The main reason I was venturing into the chapter of veal recipes, was to cook one particular recipe that would use up the couple of tablespoons of Grappa leftover from the ‘Drunk Roast Pork’ recipe I cooked for my friend’s 40th. In addition, it would also make use of some of the tin of anchovies in my cupboard. ‘Veal Scaloppine with Ham, Anchovies, Capers and Grappa’ was quick to cook (5-6 minutes). So quick, that I didn’t remember to take a photo – sorry.

For dessert, I used one of Nigella’s recipes that had been highlighted on a blog I was reading the night before. ‘No Churn Coffee Icecream.’ I also found the recipe on her official site. I highly recommend giving it a try!! My guests last night would concur. This recipe used up the last of some coffee powder (used for cooking purposes) and a forgotten tin of sweetened condensed milk found in the back of my cupboard. I served the icecream in coffee cups with a seasonally inevitable Ferrero Rocher on the side. Sorry, no photo of that either.

That was last night.

Today I made a ‘Glazed Bread Pudding’ in advance of a staff Christmas dinner in two day’s time. Marcella suggests making it in advance to let the flavours develop. This recipe used up the last of the rum (used for cooking purposes!) in my cupboard. I also, somewhat frustratingly, used up a half packet of caster sugar in my attempt to make the toffee glaze. After three attempts I gave up. I will make my own toffee sauce to drizzle over it on the night.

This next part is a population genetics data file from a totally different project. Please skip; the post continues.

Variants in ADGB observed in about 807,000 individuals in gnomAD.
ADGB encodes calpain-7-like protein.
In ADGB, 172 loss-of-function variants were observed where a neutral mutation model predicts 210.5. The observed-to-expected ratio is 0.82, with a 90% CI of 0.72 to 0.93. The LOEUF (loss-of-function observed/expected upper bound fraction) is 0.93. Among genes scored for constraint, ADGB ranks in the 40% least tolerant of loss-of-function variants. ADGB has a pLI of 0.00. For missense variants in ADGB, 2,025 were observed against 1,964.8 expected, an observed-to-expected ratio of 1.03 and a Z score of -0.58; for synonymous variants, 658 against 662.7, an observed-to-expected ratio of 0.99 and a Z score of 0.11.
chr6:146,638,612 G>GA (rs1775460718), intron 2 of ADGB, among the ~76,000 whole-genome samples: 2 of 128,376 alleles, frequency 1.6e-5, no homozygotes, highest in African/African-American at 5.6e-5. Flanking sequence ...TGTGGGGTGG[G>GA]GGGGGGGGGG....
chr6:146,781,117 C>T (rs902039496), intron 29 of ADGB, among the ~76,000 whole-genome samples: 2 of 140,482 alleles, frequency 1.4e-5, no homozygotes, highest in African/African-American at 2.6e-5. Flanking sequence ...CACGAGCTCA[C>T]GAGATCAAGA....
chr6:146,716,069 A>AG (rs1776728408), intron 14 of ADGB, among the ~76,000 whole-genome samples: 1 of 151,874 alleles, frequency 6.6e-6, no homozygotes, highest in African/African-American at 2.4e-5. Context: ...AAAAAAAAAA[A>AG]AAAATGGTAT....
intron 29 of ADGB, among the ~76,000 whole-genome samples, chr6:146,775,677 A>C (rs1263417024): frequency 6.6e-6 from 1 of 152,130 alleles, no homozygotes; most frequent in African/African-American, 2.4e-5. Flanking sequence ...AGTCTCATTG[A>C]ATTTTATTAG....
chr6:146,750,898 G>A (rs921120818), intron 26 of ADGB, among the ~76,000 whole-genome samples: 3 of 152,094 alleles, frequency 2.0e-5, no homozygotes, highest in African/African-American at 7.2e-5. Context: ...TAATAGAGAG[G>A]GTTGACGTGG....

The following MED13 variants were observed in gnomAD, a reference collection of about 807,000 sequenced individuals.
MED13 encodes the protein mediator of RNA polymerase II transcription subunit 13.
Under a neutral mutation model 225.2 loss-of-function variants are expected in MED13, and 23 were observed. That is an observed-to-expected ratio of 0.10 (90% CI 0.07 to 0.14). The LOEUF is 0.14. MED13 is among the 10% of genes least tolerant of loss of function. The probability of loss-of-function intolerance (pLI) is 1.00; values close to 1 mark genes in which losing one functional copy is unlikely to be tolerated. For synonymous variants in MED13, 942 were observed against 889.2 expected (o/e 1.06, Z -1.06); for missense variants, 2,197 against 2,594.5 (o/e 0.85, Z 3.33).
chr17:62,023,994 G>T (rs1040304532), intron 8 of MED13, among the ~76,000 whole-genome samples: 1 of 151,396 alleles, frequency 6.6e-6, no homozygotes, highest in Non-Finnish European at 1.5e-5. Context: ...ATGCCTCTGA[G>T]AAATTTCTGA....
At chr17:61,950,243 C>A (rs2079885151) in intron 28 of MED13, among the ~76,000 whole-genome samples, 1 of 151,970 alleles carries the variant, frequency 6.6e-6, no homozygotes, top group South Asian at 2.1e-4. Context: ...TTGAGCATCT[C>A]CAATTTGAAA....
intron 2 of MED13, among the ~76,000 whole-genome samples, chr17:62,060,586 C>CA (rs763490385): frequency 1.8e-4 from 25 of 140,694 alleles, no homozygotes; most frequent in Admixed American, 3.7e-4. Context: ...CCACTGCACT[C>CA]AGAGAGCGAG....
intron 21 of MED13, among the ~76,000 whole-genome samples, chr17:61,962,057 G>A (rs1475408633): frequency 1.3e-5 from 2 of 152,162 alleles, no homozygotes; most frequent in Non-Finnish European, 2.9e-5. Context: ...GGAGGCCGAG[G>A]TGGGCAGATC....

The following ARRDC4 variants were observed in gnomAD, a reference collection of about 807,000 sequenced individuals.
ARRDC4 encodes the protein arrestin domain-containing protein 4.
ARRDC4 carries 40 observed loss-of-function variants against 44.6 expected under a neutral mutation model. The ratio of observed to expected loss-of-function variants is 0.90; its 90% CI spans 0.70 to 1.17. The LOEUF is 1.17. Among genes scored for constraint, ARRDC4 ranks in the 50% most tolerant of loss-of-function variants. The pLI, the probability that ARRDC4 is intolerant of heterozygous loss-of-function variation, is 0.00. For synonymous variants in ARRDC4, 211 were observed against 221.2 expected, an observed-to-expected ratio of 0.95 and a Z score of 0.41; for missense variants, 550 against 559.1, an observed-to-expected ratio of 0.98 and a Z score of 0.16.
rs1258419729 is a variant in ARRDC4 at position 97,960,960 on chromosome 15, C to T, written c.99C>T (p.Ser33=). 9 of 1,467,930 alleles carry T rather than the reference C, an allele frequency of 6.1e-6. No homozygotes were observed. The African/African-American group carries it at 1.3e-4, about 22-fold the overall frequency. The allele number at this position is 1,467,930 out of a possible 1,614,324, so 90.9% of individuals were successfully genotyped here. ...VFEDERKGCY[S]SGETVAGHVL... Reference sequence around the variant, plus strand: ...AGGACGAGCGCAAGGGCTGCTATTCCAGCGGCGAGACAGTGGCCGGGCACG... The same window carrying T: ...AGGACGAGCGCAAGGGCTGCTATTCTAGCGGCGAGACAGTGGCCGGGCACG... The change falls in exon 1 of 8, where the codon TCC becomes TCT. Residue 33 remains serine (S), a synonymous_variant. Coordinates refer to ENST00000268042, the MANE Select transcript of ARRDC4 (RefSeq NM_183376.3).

Crazy, I know! Ever so non-conformist of me! My inner ‘recipe-conformist’ is not coping very well.

Tonight, I’ll be giving another veal recipe a go – just to use up the remaining anchovies and some of the remaining Marsala (used for cooking purposes!).

Last night: #88 ‘Veal Scaloppine with Ham, Anchovies, Capers and Grappa’ and #89 ‘Smothered French Beans with Carrots Sticks and Mortadella or Ham’ with the Violinist and the Ambassador at my table.

For Monday night: #90 ‘Glazed Bread Pudding’ at my boss’s home with a collection of desserts set to be on the table.

 

 

Recommending – Nigella’s Kitchen

For those of you have been following from the beginning of this blog (I started earlier this year) you will remember my Letter to Nigella.

I still haven’t received a reply to my letter. Though to be fair, she may never have received it.

I am still a big fan – not so much of the woman herself (she has millions of those fans) but of her work. I can highly recommend her cookbook ‘Kitchen’.

I have a red apron, too!

I have a red apron, too!

 

The Book: ‘Kitchen’ by Nigella Lawson

Contains: 153 recipes (at my count)

I’ve Cooked: 103 recipes so far

Favourites:

‘Coffee Toffee Meringues’ (This was my first recipe and one I repeated several times for dessert for guests. They were very simple to make, could be made in advance of the dinner guests arriving, and were just that little bit more special than ordinary meringues with the addition of coffee)

‘Salmon and Sushi Rice’ (Oh, so simple and great on a big platter in the middle of the table for guests to help themselves. I made this at least six times and then had the slight embarrassment of having four of these guests together one evening, realising that they’d all had the same recipe on separate occasions. It still tasted good).

‘Indian-Rubbed Lamb Chops’ (A good way to make use of ground spices in the store cupboard, taking about three minutes to prepare and having the taste of a good Indian meal)

The List So Far:

The List, Part 1

The List, Part 1

 

The List, Part 2

The List, Part 2

That’s just a taste!

If you had this book and Marcella’s book on your shelf, I would argue you need no others.